Section 2

Building Your Foundation

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Implement what you know with confidence

Discover action-based tools that provide simple steps for program improvement or robust plans for new ways of doing business. 

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Your ethics and compliance program is an ecosystem of moving parts. New laws and regulations, new lines of business, new geographies, mergers and acquisitions become part of a growing enterprise that your compliance ecosystem must support. 

Effective compliance programs are able to deftly navigate these complexities because they have built strong foundations that were developed with the nature of the compliance industry in mind.

This section will give you the expert advice and programmatic best practices to ensure the first steps you take to develop your program are in the right direction. Or if your program is more mature, these resources and insights will give you the necessary guidance to course correct and improve your program’s foundation at whichever stage it is in. 

 

How to Survive a Rogue Third Party Agent

Chapter 4 of The Worst-Case Scenario Survival Guide for Compliance Professionals

It's no surprise that using third-party agents to support business operations is a common practice around the world. Even with thorough due diligence processes, what would you do if one of your agents was caught in violation of the FCPA? 

Tom Fox 09/06/2017

Chapter 4 of The Worst-Case Scenario Survival Guide for Compliance Professionals

It's no surprise that using third-party agents to support business operations is a common practice around the world. Even with thorough due diligence processes, what would you do if one of your agents was caught in violation of the FCPA? 

How to Survive

You’re reading through your morning email when you see this terrible subject line: “Hey, don’t we use this sales agent?”

That’s when you read the details of an email describing a third-party sales agent you know very well who has facilitated an illegal bribe for one of your competitors. Now, both the competitor and the sales agent are the focus of a recent FCPA enforcement action. It’s bad news, and it’s only a matter of time before your company is affected. What do you do?

 

1. Dig Into the Past

Did you take the right steps when you initially approved this third party? You’ll want to backtrack and confirm that your approval process included a written explanation of the business need for the sales agent, as well as a fully answered questionnaire completed and returned from the sales agent. Did you perform an appropriate level of due diligence review based upon the information in the questionnaire? Next, look to see if that due diligence was internally reviewed, did it contain in any red flags, and if so, were they appropriately cleared? Finally, review the compliance terms and conditions, which should include a right-to-audit clause, annual certifications and other Justice Department mandated compliance terms and conditions.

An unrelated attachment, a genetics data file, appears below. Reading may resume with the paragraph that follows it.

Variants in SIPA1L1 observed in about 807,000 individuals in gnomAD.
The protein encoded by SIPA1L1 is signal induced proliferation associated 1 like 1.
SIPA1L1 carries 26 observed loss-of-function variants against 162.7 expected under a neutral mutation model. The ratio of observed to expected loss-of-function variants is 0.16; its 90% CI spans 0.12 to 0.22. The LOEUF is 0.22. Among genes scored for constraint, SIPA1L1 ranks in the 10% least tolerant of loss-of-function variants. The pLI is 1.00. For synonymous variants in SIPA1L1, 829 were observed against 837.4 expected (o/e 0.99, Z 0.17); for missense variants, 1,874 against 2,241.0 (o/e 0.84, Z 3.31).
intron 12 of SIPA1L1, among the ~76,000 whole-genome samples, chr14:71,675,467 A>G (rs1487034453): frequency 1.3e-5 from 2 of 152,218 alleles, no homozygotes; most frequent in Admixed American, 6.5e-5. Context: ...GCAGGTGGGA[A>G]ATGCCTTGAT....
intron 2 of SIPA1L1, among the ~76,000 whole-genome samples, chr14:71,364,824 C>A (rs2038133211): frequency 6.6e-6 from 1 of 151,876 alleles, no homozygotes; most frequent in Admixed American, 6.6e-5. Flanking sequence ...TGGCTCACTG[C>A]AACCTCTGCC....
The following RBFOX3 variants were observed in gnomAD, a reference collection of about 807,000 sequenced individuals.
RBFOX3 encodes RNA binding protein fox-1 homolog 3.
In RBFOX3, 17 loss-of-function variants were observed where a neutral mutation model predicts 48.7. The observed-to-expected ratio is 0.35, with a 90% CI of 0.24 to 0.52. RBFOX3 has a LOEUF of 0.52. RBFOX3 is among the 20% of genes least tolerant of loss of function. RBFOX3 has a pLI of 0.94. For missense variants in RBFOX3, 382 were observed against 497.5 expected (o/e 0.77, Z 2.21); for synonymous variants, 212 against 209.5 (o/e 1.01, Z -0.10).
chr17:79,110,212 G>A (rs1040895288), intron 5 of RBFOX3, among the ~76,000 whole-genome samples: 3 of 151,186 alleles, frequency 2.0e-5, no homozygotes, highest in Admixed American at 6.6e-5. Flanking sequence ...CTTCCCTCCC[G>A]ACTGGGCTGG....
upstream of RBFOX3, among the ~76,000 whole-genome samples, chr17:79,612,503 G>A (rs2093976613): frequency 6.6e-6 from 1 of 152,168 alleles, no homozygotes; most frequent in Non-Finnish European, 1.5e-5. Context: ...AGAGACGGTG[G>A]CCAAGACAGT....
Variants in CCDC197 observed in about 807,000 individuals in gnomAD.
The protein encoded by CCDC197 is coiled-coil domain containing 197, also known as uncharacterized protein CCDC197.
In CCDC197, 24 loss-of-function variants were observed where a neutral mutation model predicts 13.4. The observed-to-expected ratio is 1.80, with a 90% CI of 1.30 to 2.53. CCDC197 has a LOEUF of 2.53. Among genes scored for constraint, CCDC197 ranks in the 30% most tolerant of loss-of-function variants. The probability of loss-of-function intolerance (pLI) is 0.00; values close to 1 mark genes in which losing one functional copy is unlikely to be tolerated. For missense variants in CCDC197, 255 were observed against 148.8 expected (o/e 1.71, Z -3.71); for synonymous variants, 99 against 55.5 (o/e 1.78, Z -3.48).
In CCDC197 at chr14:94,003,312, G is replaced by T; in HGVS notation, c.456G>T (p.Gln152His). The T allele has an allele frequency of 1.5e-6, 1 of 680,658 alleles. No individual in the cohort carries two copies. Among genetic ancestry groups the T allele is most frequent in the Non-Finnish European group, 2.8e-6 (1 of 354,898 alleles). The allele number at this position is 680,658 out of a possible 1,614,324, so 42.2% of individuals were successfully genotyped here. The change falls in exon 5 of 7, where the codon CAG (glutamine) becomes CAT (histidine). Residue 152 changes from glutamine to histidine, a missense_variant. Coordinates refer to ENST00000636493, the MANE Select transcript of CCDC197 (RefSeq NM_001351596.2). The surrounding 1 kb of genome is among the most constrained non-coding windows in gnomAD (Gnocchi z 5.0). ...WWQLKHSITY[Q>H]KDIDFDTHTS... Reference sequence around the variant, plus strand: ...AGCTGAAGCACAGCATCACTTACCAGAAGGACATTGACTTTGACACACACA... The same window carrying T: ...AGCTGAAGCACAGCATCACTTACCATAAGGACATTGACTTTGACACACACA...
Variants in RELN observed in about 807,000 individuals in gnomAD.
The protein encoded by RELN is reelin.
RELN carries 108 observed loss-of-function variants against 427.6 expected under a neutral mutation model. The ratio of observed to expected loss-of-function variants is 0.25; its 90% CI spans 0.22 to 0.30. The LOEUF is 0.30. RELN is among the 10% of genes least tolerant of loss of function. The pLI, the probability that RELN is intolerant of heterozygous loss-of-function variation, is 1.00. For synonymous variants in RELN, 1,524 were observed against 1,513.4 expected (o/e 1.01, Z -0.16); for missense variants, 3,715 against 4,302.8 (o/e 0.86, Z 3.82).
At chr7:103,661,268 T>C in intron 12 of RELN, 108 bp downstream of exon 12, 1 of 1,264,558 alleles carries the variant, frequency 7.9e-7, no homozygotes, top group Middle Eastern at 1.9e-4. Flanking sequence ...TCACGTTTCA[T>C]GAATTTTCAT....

2. Sniff Around

Start by reviewing previous audits to ensure that no prior FCPA violations exist and that annual compliance training had been completed. From there, run an enhanced due diligence search to see if there is anything new since you completed your initial due diligence on the sales agent’s history and note any red flags. 

Then, follow the numbers. See what payments have been made to the third party. Is there anything not justified per the terms of the contract? Were any of the payments made to offshore locations? Has there been any increase in the percentage commission rate since the contract had been executed?

If payment has been made, make sure it was within the contract terms. Confirm that all payments made to the third-party match up to a properly submitted invoice. Check if all the services mandated under the contract, or described in an invoice, actually delivered to or performed on behalf of your organization.

Finally, verify an annual compliance training certification exists along and confirm that no known FCPA violations related to the third party’s representation of your company.

 

3. Look at Sales

A sales spike in a high-risk area can be evidence of bribe payments. Sales numbers may seem to have maintained a steady rate, but that doesn’t mean everything is kosher. Cross-check the third party’s invoices against GTE spend by your employees in that country. Specifically GTE involving government officials or employees of state-owned enterprises.  As an additional check, look to see if there was any unaccounted spike in the marketing or charitable donation budget for the third party.